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From infancy, as animate beings we seek direction. Our first needs, to take in nourishment and excrete waste, give us a sense of up and down, and as we develop into upright beings our ability to be vertical continues while we establish our feet to ground.

Over time, our sense of horizontal space broadens along with our visual field. Walking and running become functional ways we delve deeper into the horizontal plane. These movements require balance, and the front and back spaces of our bodies can aide our eyes in finding equilibrium through awareness and extension, as do the vestibular membranes of the ears.

We all have a different story to tell through out bodies about our sense of directionality and space and in our lives. Sometimes this takes on a perceptual context (eg. Someone who is tall who wishes they were short may hang their head to appear shorter), other times, it is functional (I’m grounded without extending up because I have heavy bones and my limbs and torso are compact). There could even be a cultural aspect to how we sense ourselves in space, or a combination thereof.

When there is a highly developed sense of directionality, we look and feel expansive yet also well contained. We can be efficient with our use of the body because we are balanced in utilising our resources (eg. sight, hearing) and our bodies are well supported by its framework in relation to gravity. Others may describe this type of person as someone who has a presence about them, statuesque in body and energetically connected.

So what happens when we are undeveloped in our sense of directionality? Usually, nothing severe. We go about our daily lives managing and navigating our way through space, but by not fully extending into space, physical or emotional repercussions may follow. Similar to looking into a mirror, certain aspects of ourselves and three-dimensionality are sometimes simply out of our visual field and/or we are not aware of them. We can all benefit by bringing consciousness to the body/mind’s field of knowledge. This may in turn relate to how we find direction in our lives; our decision making process, our clarity about where we have been, where we are, and where we would like to go. How do we transition into developing a sense of this?

Stepping back gives time to sense space and ground. Feel the earth and sky, the breath and its relationship to the body, the sensations around the front and back of the body. Perhaps there is a wall nearby you could face and put the hands on about arms distance away. Explore bringing weight forward of the knees bending them over the ankle. Take time to really sense the feet. Then start to feel the sky and let a softening come into the back of neck, throat, chest. Stand tall, feel grounded, start to press into the wall with the hands and let the heels elevate as the balloon do the head floats airborne. Keep a sense of weight through the legs and feet even as the up direction beckons. Then come back to stand and press arms into wall extending them, taking the pelvis over the ankles. Take a walk. Feel the body in space.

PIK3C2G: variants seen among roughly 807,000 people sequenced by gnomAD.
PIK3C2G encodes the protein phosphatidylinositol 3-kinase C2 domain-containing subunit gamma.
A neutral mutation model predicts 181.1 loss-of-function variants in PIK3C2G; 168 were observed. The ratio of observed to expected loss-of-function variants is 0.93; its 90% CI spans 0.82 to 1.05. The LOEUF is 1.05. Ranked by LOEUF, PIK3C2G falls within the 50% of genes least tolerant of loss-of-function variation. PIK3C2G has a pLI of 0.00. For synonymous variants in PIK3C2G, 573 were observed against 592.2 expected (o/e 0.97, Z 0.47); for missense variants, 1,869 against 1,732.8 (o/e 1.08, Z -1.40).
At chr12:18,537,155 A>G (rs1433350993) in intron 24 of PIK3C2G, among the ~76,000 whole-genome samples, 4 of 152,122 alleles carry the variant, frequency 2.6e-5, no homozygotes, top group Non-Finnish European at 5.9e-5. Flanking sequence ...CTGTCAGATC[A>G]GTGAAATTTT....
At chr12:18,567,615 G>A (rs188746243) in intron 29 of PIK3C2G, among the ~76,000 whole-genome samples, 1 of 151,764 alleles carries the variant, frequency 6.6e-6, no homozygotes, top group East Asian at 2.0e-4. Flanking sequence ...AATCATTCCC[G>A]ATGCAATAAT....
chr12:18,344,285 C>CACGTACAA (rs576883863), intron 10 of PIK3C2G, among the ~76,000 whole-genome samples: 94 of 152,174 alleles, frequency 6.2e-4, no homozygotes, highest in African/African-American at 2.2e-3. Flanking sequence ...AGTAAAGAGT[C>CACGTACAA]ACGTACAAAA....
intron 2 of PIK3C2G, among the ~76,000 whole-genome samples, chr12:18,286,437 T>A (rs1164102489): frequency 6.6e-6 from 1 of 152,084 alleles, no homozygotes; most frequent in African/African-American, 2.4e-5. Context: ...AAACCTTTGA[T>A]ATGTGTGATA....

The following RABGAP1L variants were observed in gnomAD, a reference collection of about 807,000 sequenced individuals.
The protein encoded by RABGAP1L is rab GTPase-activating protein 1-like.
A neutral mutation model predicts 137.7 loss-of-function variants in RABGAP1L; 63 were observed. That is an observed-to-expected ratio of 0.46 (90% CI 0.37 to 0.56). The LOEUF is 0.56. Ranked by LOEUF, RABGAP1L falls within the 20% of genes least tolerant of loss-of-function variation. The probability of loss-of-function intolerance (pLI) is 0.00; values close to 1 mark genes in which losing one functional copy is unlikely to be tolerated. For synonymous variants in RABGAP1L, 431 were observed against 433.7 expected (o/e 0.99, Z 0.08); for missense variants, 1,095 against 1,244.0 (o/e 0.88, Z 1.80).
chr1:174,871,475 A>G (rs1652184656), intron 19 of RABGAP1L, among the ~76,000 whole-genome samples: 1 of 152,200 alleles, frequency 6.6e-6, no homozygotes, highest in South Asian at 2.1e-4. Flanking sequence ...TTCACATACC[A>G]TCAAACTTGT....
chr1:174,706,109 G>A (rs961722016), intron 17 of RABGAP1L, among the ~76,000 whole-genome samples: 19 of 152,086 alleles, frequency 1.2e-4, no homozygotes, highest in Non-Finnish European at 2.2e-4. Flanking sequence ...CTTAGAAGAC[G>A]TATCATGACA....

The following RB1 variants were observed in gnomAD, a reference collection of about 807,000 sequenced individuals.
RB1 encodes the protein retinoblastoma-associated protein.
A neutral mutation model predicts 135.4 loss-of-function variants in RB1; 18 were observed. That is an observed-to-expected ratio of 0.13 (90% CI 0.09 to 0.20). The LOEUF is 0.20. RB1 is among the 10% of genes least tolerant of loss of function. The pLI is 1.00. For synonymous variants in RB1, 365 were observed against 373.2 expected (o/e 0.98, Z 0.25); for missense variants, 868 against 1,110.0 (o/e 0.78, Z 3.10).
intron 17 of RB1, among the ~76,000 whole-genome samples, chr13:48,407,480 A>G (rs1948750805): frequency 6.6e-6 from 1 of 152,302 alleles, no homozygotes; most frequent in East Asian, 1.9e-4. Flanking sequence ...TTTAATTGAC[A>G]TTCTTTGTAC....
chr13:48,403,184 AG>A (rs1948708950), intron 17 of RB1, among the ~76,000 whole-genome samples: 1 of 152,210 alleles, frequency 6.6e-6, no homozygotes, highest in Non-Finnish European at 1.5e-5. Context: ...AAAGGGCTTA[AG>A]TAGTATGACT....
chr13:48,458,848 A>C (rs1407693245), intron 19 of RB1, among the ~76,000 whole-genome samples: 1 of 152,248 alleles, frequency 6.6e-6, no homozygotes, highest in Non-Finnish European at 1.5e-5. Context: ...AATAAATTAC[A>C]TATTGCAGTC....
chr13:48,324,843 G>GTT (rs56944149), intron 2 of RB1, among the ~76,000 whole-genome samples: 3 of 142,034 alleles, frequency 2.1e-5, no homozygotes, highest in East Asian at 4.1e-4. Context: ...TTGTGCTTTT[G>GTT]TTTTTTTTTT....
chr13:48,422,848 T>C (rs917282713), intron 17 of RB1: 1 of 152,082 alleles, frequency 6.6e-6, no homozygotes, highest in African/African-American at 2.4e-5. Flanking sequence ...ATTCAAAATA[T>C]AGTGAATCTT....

Through yoga and other forms of body movement we can practice asking the body to find directionality and enter into an ongoing dialogue. There are also modalities of bodywork that underline this, such as Rolfing.

When we become aware of habit patterns pertaining to direction, sometimes there is a history to why we have managed our bodies in a certain way. For example, someone who was raised by overly cautious parents may have an over developed sense of back they sink into rather than moving into the present (they have perhaps heard their whole lives ‘be careful!’) Another who has had a sense of being short of time (even via a life threatening disease) may constantly be racing forward, without an awareness of sitting back and using where they are coming from as a resource to move into the present. There is no right or wrong, just different ways of being in our body that may have an impact on how we feel in our lives. The questions we could ask ourselves are ‘how does this pattern I’ve fallen into serve me?’; ‘Is it something I am attached to, or could I let go and learn a new way of being in my body?’; ‘What other areas of my body or my life have been affected by this?’

The more our awareness of the dimensionality of space, the more we can expand into the skin of our body and awaken the proprioceptors that link back to the brain, informing how we sit/stand/breathe in the world. This in turn helps us to feel free, spacious, and expansive in our potential and capable of finding direction. There are infinite possibilities for movement and direction in the human body, it is up to us to explore the subtleties that bring meaning and depth into our frame of experience. Of course, when seeking direction, having a compass can also be handy…

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